Conservatively, PAAS would recommend pharmacies slow down by taking the yellow light approach. This minimizes risk of audit recoupment because you confirm that the payer knows why the patient is using the medication and that they approve before you dispense. While patients are eager to start therapy, these are long-term treatments, and patients are unlikely to suffer clinical harm while awaiting coverage confirmation. For those patients very eager to begin therapy, consider encouraging them to contact their insurance and prescriber to expedite a response.

PAAS Tips:

  • Pharmacists should review patient profile for medications that may imply a diagnosis of T2DM
  • Always obtain diagnosis code (ICD-10) for GLP-1 medications to show you performed “due diligence”
    • While reviewing a patient profile for proxy medications like metformin may be sufficient, inclusion of medications is not definitive for type 2 diabetes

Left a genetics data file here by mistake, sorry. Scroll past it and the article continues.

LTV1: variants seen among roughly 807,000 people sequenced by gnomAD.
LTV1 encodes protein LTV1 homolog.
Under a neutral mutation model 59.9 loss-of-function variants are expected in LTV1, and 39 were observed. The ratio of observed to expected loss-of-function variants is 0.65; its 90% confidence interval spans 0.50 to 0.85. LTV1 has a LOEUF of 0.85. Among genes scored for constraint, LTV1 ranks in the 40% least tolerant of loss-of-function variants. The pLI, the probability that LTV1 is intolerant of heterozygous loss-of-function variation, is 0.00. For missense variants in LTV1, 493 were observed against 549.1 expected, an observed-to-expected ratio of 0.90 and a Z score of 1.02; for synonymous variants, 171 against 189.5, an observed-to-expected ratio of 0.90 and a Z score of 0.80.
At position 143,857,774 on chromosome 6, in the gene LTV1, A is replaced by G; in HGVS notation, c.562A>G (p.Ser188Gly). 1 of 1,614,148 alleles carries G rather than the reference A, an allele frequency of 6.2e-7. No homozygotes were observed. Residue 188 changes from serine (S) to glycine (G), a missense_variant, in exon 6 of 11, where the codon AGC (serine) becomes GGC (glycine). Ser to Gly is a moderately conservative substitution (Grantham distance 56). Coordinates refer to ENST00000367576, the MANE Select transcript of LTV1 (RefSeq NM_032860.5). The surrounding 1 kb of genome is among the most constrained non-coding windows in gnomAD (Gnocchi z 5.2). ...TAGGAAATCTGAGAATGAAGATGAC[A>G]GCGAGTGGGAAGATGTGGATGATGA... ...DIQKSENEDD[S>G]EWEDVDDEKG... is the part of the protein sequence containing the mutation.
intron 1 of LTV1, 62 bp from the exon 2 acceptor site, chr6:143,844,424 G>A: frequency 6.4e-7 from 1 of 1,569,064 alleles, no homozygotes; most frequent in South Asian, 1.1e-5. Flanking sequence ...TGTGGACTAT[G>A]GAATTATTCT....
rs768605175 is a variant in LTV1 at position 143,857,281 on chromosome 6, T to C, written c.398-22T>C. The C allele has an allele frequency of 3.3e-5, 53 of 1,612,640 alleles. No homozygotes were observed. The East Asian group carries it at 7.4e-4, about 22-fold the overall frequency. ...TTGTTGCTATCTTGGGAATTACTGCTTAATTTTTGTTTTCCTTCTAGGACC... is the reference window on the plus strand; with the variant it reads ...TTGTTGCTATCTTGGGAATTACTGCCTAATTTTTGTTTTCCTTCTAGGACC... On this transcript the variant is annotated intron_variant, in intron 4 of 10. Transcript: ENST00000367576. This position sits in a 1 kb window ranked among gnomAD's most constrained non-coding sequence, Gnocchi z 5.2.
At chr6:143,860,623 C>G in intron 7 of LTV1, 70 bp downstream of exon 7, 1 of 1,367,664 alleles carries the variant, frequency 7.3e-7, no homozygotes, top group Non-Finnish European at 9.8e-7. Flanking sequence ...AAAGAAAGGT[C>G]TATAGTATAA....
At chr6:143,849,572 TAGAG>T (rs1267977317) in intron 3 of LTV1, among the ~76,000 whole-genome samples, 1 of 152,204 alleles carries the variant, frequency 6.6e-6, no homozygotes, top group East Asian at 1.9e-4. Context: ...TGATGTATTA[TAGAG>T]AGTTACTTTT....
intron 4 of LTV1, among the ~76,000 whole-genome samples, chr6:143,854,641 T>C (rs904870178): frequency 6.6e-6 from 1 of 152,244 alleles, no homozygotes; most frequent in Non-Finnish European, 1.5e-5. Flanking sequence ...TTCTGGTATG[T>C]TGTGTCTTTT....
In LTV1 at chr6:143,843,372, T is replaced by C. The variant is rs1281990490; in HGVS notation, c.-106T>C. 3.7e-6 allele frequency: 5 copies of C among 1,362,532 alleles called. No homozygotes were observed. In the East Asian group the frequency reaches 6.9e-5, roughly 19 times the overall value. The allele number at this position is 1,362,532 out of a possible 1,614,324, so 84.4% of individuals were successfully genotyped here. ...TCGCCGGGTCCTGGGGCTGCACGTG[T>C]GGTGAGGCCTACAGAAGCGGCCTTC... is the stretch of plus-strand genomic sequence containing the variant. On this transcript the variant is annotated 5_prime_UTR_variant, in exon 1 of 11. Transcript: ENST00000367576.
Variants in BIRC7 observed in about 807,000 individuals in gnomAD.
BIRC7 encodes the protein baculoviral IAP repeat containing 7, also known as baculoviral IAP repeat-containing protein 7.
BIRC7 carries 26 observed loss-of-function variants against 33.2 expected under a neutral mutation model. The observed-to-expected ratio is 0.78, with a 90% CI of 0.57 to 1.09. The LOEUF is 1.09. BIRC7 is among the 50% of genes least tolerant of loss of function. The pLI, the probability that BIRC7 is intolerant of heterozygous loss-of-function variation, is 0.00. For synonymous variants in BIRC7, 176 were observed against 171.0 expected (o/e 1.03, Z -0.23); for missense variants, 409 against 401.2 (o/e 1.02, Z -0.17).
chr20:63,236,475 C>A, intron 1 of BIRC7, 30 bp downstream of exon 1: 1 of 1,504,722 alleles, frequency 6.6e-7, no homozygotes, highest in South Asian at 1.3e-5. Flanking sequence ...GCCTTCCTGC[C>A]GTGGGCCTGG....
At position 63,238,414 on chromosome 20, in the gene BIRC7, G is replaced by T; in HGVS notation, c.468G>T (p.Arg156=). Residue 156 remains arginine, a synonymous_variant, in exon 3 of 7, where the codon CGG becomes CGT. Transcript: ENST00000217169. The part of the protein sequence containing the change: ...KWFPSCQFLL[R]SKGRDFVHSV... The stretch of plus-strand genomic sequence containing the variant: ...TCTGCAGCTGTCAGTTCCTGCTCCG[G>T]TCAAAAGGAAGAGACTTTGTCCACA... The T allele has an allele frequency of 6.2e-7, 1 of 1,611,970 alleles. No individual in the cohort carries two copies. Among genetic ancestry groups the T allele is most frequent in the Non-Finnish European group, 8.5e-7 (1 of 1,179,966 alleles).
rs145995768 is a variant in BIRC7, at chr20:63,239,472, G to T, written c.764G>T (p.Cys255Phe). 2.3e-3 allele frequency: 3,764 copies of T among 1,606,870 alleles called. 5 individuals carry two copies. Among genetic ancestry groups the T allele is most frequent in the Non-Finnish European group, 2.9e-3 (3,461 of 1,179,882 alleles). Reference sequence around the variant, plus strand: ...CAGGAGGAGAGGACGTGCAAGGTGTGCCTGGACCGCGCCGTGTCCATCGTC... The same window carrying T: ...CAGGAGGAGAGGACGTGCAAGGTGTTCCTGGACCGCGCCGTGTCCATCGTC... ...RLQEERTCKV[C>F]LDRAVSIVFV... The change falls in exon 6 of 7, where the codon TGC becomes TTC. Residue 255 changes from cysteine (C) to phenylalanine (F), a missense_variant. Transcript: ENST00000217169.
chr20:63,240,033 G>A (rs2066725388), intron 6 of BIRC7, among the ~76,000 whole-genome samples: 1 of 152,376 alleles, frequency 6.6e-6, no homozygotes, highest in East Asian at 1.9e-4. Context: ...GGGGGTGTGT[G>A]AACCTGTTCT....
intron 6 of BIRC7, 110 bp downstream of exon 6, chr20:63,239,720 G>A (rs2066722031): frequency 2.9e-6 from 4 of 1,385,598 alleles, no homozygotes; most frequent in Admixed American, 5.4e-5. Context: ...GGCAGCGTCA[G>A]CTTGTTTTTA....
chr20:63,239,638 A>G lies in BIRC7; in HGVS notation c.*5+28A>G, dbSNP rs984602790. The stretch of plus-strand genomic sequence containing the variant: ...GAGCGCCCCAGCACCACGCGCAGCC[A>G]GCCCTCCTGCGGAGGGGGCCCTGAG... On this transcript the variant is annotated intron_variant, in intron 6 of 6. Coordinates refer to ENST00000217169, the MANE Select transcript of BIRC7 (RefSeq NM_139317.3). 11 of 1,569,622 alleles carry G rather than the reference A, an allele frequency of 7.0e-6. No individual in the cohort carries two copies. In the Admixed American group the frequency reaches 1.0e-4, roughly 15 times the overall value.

• Without a confirmed (and documented) diagnosis from prescriber, PBMs could conclude that you “didn’t do enough”
  • If the prescriber does not provide a diagnosis code, send initial claims WITHOUT a diagnosis code to determine if the drug is diagnosis restricted
    • This will help in the event of a future audit if the claim is not diagnosis restricted, bolstering your defense as you can argue that the PBM/Plan “should have asked for proof of diagnosis upon adjudication”
  • If being used for T2DM (code E11), then there is no risk of audit recoupment for off-label dispensing
  • If being used for anything other than T2DM, then confirm coverage with insurance plan before dispensing (note, you will need to talk with prior authorization department and not the regular help desk)
    • Alternatively, consider obtaining a prescription for Wegovy® or Saxenda® – FDA approved GLP-1s for weight loss

Eric Hartkopf, PharmD